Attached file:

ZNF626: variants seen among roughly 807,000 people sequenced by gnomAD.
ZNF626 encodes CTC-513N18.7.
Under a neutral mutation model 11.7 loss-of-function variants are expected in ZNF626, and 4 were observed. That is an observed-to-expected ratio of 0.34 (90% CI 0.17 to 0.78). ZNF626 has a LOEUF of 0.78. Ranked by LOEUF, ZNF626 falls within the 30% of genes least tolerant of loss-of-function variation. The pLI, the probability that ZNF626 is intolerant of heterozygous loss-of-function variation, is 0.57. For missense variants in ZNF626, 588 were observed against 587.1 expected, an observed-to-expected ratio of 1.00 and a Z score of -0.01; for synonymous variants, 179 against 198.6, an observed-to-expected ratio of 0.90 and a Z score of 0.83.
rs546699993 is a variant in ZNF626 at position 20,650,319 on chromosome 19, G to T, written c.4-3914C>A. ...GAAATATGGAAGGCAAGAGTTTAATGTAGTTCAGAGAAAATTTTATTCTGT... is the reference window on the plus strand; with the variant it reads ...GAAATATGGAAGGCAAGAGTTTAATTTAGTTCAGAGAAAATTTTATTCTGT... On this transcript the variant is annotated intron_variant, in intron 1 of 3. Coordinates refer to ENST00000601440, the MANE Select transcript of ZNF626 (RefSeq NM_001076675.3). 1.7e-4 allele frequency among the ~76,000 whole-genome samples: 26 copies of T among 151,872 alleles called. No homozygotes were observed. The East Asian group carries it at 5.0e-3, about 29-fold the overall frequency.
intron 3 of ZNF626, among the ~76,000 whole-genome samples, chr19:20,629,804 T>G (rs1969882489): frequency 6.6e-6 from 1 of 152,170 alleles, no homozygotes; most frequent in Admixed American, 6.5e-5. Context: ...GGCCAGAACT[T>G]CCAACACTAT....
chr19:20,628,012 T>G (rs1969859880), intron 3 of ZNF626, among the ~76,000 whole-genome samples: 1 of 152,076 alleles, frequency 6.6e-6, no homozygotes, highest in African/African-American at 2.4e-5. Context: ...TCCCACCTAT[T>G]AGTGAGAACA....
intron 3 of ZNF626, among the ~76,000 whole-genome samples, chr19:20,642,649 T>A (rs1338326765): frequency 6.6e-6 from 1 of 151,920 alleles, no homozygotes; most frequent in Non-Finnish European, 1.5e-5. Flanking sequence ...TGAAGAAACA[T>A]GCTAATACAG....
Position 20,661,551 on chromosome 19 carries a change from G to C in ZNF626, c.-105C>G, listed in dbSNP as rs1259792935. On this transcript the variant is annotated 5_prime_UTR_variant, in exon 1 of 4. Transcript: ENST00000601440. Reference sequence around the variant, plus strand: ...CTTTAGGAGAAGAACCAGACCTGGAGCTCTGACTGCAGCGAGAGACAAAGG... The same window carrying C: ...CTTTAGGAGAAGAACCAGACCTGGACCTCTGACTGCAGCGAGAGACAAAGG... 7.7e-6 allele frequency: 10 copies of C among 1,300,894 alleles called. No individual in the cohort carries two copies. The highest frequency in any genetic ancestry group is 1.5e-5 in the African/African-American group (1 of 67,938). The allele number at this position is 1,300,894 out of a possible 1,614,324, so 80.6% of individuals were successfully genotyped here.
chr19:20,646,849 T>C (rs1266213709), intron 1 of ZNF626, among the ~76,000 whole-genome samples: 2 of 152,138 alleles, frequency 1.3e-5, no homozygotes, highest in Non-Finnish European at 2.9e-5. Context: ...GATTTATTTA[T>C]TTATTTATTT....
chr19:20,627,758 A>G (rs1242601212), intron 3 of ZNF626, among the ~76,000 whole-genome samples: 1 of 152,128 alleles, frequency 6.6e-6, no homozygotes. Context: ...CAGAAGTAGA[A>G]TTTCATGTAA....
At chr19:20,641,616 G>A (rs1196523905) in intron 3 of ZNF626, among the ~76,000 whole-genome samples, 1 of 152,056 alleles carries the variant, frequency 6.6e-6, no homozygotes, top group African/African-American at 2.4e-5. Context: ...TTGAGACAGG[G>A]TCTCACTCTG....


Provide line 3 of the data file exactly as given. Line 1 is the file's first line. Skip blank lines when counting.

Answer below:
Under a neutral mutation model 11.7 loss-of-function variants are expected in ZNF626, and 4 were observed. That is an observed-to-expected ratio of 0.34 (90% CI 0.17 to 0.78). ZNF626 has a LOEUF of 0.78. Ranked by LOEUF, ZNF626 falls within the 30% of genes least tolerant of loss-of-function variation. The pLI, the probability that ZNF626 is intolerant of heterozygous loss-of-function variation, is 0.57. For missense variants in ZNF626, 588 were observed against 587.1 expected, an observed-to-expected ratio of 1.00 and a Z score of -0.01; for synonymous variants, 179 against 198.6, an observed-to-expected ratio of 0.90 and a Z score of 0.83.